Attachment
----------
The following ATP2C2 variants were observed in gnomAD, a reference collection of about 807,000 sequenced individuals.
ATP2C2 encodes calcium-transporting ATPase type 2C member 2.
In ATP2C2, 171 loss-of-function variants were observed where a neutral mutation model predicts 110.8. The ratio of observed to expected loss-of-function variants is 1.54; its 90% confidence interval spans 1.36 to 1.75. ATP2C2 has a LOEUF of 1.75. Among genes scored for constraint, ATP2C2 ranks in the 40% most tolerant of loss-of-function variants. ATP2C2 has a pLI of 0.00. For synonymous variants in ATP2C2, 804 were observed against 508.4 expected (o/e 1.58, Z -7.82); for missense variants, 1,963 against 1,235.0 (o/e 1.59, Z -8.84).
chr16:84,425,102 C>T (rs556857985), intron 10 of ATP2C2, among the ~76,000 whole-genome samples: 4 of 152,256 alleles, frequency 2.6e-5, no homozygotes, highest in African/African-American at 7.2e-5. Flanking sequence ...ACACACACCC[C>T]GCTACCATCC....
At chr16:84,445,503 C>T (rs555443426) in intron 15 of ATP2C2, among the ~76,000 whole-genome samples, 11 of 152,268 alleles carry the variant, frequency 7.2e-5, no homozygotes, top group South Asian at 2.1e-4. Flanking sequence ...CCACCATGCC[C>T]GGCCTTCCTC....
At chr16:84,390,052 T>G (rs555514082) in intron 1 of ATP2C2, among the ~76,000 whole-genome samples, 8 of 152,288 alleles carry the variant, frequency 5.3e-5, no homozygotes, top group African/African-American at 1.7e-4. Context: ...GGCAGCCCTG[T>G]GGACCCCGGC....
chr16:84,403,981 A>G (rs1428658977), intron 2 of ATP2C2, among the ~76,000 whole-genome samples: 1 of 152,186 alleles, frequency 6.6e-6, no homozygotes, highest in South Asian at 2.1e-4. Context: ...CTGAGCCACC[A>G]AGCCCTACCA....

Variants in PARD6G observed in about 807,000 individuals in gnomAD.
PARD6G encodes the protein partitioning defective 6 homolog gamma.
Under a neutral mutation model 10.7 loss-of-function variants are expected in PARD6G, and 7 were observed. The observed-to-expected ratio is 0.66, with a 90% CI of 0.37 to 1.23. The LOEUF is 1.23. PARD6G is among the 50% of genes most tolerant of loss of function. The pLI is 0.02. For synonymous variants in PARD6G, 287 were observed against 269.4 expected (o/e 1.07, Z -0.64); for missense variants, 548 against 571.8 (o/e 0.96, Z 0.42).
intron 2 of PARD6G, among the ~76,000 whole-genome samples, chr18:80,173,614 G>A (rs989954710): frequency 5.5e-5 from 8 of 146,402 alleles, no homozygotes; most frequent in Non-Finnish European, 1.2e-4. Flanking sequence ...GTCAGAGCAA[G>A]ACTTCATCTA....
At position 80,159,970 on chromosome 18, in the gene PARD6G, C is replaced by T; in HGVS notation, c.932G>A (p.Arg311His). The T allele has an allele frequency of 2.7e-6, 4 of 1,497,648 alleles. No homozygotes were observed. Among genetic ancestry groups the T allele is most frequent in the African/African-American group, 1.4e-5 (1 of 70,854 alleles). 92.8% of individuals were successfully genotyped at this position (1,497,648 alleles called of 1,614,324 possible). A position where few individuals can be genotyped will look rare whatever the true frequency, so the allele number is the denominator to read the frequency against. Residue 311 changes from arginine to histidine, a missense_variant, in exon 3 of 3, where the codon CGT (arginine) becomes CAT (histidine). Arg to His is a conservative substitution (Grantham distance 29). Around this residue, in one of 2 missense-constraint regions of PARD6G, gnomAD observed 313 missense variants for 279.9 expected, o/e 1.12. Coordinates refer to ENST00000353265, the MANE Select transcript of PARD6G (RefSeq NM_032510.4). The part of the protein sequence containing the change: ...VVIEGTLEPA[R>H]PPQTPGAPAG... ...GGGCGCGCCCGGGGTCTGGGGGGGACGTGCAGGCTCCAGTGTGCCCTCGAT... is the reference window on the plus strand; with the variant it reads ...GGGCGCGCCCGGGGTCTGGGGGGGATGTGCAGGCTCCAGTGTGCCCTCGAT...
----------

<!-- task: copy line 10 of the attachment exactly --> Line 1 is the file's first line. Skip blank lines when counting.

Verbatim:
Under a neutral mutation model 10.7 loss-of-function variants are expected in PARD6G, and 7 were observed. The observed-to-expected ratio is 0.66, with a 90% CI of 0.37 to 1.23. The LOEUF is 1.23. PARD6G is among the 50% of genes most tolerant of loss of function. The pLI is 0.02. For synonymous variants in PARD6G, 287 were observed against 269.4 expected (o/e 1.07, Z -0.64); for missense variants, 548 against 571.8 (o/e 0.96, Z 0.42).